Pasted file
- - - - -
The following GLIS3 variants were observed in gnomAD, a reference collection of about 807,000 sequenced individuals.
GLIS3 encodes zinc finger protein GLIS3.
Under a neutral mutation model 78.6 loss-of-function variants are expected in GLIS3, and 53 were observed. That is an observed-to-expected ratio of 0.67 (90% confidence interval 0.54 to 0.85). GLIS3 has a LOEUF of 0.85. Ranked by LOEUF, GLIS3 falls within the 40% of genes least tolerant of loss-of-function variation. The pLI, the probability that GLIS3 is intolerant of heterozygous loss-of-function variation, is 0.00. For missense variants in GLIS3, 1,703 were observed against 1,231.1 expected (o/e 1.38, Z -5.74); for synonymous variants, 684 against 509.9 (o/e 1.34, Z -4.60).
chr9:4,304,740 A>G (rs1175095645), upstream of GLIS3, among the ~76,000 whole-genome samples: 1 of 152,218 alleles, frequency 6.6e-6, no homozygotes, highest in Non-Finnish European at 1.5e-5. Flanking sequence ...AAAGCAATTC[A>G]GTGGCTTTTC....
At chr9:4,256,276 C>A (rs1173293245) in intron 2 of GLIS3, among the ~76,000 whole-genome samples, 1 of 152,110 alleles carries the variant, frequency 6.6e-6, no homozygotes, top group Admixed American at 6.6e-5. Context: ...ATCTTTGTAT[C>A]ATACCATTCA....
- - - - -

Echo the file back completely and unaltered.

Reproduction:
The following GLIS3 variants were observed in gnomAD, a reference collection of about 807,000 sequenced individuals.
GLIS3 encodes zinc finger protein GLIS3.
Under a neutral mutation model 78.6 loss-of-function variants are expected in GLIS3, and 53 were observed. That is an observed-to-expected ratio of 0.67 (90% confidence interval 0.54 to 0.85). GLIS3 has a LOEUF of 0.85. Ranked by LOEUF, GLIS3 falls within the 40% of genes least tolerant of loss-of-function variation. The pLI, the probability that GLIS3 is intolerant of heterozygous loss-of-function variation, is 0.00. For missense variants in GLIS3, 1,703 were observed against 1,231.1 expected (o/e 1.38, Z -5.74); for synonymous variants, 684 against 509.9 (o/e 1.34, Z -4.60).
chr9:4,304,740 A>G (rs1175095645), upstream of GLIS3, among the ~76,000 whole-genome samples: 1 of 152,218 alleles, frequency 6.6e-6, no homozygotes, highest in Non-Finnish European at 1.5e-5. Flanking sequence ...AAAGCAATTC[A>G]GTGGCTTTTC....
At chr9:4,256,276 C>A (rs1173293245) in intron 2 of GLIS3, among the ~76,000 whole-genome samples, 1 of 152,110 alleles carries the variant, frequency 6.6e-6, no homozygotes, top group Admixed American at 6.6e-5. Context: ...ATCTTTGTAT[C>A]ATACCATTCA....